Over the last six years I have watched the number of Protestant learners of the Irish language steadily increase year on year. This year, four of our learners —all Protestants—who started attending classes in East Belfast four years ago, will begin a two-year Diploma in Irish Language at Ulster University. I myself completed the Diploma this year and met other Protestants who were also on the course.
None of us feel that we are being discriminated against, yet people who do not attend Irish language classes or events, and who have no engagement with the sector are telling us all about it! Perhaps I can reassure them—as I take it that their concern is genuine—that in my experience, learners from the Unionist community are given great encouragement and treated with nothing but respect by members of the Irish language community.
Time to act
We have listened to the debate about whether or not the DUP actually promised to instigate an Irish Language Act as part of the St Andrews Agreement and there appears to be some doubt as to whether or not it is the responsibility of the British Government or our Stormont Assembly to put this legislation in place. Whatever the actual situation it does not change the fact that the Irish language community accepted in good faith that an act would be put in place and now feel that they’ve had ‘their eye wiped.’ Surely this is not how a community should be treated.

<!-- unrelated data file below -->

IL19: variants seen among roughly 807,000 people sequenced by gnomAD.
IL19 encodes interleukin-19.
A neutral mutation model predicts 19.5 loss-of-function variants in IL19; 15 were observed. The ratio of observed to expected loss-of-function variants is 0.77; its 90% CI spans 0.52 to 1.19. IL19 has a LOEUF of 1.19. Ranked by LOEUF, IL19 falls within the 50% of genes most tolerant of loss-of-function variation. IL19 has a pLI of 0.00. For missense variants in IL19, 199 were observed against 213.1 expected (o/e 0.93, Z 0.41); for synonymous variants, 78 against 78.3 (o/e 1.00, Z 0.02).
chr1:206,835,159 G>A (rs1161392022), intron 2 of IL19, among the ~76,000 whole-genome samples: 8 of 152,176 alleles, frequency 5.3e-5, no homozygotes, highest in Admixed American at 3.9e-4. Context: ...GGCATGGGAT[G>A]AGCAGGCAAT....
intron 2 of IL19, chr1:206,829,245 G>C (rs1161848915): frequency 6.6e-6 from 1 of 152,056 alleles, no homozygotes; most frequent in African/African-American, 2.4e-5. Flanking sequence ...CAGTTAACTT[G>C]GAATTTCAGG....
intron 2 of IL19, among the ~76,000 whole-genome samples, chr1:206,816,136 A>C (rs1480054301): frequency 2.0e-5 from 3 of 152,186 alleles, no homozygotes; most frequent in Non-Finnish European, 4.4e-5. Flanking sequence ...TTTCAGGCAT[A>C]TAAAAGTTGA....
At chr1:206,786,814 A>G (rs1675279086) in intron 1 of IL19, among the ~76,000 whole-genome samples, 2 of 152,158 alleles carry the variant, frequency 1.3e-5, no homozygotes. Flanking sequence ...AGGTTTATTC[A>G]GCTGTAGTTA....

Recently the tone has changed from ‘leprechaun language’ and ‘curry my yogurt’ to reports of the DUP acknowledging that the costs of an act are ‘reasonable’ and ‘entirely legitimate.’ As the wrangling between the two big parties continues, Irish speakers can only await the final verdict.
Whatever the outcome in Northern Ireland, we are all on a journey and perhaps it will only be when an Irish Language Act is actually in place that English speakers will realise how little impact it will have on their everyday life. If there is a strong cross-community outreach programme as part of an act, some of the naysayers may actually come to like it!
Linda Ervine is the Irish language officer for East Belfast. Turas is a project of the East Belfast Mission: http://www.ebm.org.uk